Elvis Costello Meets St. Francis

My wife says I’m fixated at adolescence; I tell her that keeps me young.  Back in the Sixties, when my chronology matched my maturity, I sang “Don’t Let Me Be Misunderstood,” a Top 40 hit by The Animals.  “I’m just a soul whose intentions are good/Oh, Lord, please don’t let me be misunderstood.”  And no one was misunderstood like we adolescents.

In 1986, Elvis Costello covered the song and a new generation of misunderstoods took up the refrain.  I was thirty-six and, stuck at adolescence, echoed the chorus.  Later that year, RP kicked in and I began losing my eyesight.  As time and eyesight passed, I learned that being misunderstood applied not just to adolescents.  “You have no idea what it’s like!”  I cried to those who failed to understand me and my blindness.

Today, an adolescent on Social Security, I sing a different verse.  I try to practice the St. Francis Prayer and “understand rather than be understood.”  This is a radical shift—to get out of myself and empathize with another’s experience.  I see how deeply I’ve invested in being the victim while reaping huge payoffs in self-pity and martyrdom.  I see how myopic my vision has become, not from RP but from self-centeredness.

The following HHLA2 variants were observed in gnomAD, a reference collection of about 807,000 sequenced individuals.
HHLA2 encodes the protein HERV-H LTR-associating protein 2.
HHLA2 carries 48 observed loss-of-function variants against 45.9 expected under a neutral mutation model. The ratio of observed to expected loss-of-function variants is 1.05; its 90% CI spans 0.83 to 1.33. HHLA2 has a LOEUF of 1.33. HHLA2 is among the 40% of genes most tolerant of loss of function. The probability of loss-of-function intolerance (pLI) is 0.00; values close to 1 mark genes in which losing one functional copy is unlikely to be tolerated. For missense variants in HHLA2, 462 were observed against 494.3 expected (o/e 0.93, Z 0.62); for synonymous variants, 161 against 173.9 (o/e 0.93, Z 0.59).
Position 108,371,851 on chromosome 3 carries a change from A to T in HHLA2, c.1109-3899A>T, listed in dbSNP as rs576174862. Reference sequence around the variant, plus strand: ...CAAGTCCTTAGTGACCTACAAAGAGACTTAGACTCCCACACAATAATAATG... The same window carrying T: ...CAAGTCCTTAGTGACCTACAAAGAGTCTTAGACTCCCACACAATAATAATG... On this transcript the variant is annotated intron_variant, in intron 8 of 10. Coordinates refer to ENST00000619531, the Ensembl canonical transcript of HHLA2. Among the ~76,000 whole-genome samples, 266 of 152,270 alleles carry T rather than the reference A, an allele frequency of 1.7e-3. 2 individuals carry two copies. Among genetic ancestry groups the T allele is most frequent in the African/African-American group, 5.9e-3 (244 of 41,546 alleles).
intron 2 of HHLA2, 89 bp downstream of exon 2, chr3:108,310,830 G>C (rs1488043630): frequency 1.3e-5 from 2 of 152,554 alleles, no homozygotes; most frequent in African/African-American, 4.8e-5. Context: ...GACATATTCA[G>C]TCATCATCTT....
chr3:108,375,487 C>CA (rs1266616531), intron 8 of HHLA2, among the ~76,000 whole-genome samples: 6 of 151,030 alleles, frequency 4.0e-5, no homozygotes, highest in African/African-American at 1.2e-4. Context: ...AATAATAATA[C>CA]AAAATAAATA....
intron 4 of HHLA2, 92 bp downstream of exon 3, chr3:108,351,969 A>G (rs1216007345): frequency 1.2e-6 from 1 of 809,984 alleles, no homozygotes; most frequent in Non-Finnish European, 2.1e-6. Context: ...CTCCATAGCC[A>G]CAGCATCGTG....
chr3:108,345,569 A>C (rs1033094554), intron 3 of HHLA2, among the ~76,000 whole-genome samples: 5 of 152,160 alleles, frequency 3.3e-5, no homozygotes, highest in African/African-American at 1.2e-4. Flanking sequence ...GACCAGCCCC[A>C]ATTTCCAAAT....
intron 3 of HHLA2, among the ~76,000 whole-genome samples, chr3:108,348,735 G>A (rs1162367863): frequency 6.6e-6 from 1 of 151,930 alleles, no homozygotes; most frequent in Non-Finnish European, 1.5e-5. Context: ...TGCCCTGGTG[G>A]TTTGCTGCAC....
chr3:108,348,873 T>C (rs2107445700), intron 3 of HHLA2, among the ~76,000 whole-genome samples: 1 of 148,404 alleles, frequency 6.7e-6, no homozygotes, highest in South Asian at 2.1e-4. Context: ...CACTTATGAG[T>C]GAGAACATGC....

Redirecting energy from passive to active does not come instinctively for me, Me, ME.  So I’m starting with becoming more aware how my blindness creates confusion in others who do not, cannot, share my experience.  As I ask for tolerance and acceptance, I must tolerate and accept those with different struggles, even those whose ignorance or judgment have offended me, for I understand the fear of what or who is different.  Doing this, I help others understand.  In turn, I feel understood.

This entry was posted in Adapting, Blindness, Moving beyond vision loss, Uncategorized and tagged , , , . Bookmark the permalink.

3 Responses to Elvis Costello Meets St. Francis

  1. bethfinke says:

    One of the most helpful things a social worker told me after I lost my sight was that adjusting to blindness would be like going through adolescence all over again. She was right. I did feel like I was going through my teens again, very uncertain of myself but trying to look competent in front of my peers, wanting very badly to be accepted by others even though I felt “different.”

    Thanks for this post, Jeff. Helps me remember I am not alone.


  2. Ann Kleboe says:

    VERY AMAZING  from a highly sensitive one who was in Beth Finkies class. Moved to NC last  Sept. after 40 years in La Grange, Il.Plan to soak in acceptance even with aging too. 

  3. Kent Flodin says:

    Excellent, Jeff.
    What’s so funny about peace, love and misunderstanding?

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